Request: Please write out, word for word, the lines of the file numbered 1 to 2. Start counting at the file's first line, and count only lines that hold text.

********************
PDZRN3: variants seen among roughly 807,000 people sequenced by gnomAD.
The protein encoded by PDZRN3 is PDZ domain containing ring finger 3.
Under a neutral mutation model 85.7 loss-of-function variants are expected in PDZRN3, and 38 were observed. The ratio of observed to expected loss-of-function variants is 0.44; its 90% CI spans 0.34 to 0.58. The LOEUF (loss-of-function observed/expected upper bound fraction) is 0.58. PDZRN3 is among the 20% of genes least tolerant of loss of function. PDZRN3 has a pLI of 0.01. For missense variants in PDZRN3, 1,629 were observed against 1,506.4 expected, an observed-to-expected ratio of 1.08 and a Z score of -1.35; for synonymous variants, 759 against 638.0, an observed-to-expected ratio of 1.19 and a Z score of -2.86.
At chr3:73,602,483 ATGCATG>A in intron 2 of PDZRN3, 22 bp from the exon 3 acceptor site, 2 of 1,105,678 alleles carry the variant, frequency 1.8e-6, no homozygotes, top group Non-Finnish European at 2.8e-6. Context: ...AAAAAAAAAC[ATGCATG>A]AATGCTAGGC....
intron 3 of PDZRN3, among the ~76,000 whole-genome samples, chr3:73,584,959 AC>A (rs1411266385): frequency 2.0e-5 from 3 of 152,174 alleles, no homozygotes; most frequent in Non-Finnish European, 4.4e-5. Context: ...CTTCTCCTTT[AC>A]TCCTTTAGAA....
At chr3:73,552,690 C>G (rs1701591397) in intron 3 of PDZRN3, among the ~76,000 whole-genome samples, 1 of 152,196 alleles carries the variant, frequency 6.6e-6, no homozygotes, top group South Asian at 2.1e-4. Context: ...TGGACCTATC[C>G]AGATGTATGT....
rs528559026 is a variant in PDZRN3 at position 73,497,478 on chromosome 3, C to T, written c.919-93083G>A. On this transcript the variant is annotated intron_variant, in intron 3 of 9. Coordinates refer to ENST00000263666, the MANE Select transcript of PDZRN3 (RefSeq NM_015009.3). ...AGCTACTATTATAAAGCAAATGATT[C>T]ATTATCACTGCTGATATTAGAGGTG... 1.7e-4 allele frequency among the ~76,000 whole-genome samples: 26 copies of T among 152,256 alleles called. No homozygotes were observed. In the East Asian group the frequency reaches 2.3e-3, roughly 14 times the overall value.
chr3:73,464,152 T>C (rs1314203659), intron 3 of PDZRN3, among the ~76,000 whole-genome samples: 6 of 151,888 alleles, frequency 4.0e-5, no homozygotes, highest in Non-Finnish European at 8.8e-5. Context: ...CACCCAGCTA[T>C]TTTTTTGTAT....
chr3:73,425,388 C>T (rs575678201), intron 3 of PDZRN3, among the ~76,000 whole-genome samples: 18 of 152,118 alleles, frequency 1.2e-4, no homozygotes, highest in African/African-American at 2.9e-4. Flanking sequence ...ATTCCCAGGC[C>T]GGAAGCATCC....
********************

PDZRN3: variants seen among roughly 807,000 people sequenced by gnomAD.
The protein encoded by PDZRN3 is PDZ domain containing ring finger 3.